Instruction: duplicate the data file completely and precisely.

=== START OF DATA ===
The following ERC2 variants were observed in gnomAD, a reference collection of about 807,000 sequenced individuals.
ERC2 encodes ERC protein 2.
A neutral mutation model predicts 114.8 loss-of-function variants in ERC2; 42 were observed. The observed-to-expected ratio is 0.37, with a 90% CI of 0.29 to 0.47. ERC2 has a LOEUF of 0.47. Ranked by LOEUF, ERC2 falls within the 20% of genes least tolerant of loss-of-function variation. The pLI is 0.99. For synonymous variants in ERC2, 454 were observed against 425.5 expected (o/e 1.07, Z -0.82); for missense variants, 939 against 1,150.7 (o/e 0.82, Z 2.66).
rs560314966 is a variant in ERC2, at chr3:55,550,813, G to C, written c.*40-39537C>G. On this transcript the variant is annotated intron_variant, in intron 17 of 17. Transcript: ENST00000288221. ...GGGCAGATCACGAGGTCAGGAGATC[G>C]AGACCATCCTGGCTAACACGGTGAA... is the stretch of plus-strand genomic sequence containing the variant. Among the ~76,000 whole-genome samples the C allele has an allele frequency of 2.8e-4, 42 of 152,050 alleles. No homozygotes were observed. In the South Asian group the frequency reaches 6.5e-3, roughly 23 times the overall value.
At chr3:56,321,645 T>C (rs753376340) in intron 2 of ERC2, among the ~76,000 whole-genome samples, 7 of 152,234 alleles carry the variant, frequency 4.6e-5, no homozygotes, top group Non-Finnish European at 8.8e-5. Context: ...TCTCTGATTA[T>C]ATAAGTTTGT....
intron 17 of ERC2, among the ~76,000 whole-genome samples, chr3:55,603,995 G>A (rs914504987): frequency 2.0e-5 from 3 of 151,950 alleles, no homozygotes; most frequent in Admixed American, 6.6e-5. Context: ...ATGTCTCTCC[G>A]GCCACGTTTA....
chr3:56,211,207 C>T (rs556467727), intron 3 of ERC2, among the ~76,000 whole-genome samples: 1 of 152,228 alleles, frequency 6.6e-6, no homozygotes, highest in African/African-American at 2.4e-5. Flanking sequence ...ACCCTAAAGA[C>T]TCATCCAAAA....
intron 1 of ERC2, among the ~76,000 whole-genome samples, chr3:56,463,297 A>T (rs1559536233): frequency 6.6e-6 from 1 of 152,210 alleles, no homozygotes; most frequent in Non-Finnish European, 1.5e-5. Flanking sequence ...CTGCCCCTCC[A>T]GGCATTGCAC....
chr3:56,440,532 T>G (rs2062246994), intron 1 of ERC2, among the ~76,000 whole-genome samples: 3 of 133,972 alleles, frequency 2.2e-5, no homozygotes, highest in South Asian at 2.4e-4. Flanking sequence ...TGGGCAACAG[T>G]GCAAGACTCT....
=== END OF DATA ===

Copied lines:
The following ERC2 variants were observed in gnomAD, a reference collection of about 807,000 sequenced individuals.
ERC2 encodes ERC protein 2.
A neutral mutation model predicts 114.8 loss-of-function variants in ERC2; 42 were observed. The observed-to-expected ratio is 0.37, with a 90% CI of 0.29 to 0.47. ERC2 has a LOEUF of 0.47. Ranked by LOEUF, ERC2 falls within the 20% of genes least tolerant of loss-of-function variation. The pLI is 0.99. For synonymous variants in ERC2, 454 were observed against 425.5 expected (o/e 1.07, Z -0.82); for missense variants, 939 against 1,150.7 (o/e 0.82, Z 2.66).
rs560314966 is a variant in ERC2, at chr3:55,550,813, G to C, written c.*40-39537C>G. On this transcript the variant is annotated intron_variant, in intron 17 of 17. Transcript: ENST00000288221. ...GGGCAGATCACGAGGTCAGGAGATC[G>C]AGACCATCCTGGCTAACACGGTGAA... is the stretch of plus-strand genomic sequence containing the variant. Among the ~76,000 whole-genome samples the C allele has an allele frequency of 2.8e-4, 42 of 152,050 alleles. No homozygotes were observed. In the South Asian group the frequency reaches 6.5e-3, roughly 23 times the overall value.
At chr3:56,321,645 T>C (rs753376340) in intron 2 of ERC2, among the ~76,000 whole-genome samples, 7 of 152,234 alleles carry the variant, frequency 4.6e-5, no homozygotes, top group Non-Finnish European at 8.8e-5. Context: ...TCTCTGATTA[T>C]ATAAGTTTGT....
intron 17 of ERC2, among the ~76,000 whole-genome samples, chr3:55,603,995 G>A (rs914504987): frequency 2.0e-5 from 3 of 151,950 alleles, no homozygotes; most frequent in Admixed American, 6.6e-5. Context: ...ATGTCTCTCC[G>A]GCCACGTTTA....
chr3:56,211,207 C>T (rs556467727), intron 3 of ERC2, among the ~76,000 whole-genome samples: 1 of 152,228 alleles, frequency 6.6e-6, no homozygotes, highest in African/African-American at 2.4e-5. Flanking sequence ...ACCCTAAAGA[C>T]TCATCCAAAA....
intron 1 of ERC2, among the ~76,000 whole-genome samples, chr3:56,463,297 A>T (rs1559536233): frequency 6.6e-6 from 1 of 152,210 alleles, no homozygotes; most frequent in Non-Finnish European, 1.5e-5. Flanking sequence ...CTGCCCCTCC[A>T]GGCATTGCAC....
chr3:56,440,532 T>G (rs2062246994), intron 1 of ERC2, among the ~76,000 whole-genome samples: 3 of 133,972 alleles, frequency 2.2e-5, no homozygotes, highest in South Asian at 2.4e-4. Flanking sequence ...TGGGCAACAG[T>G]GCAAGACTCT....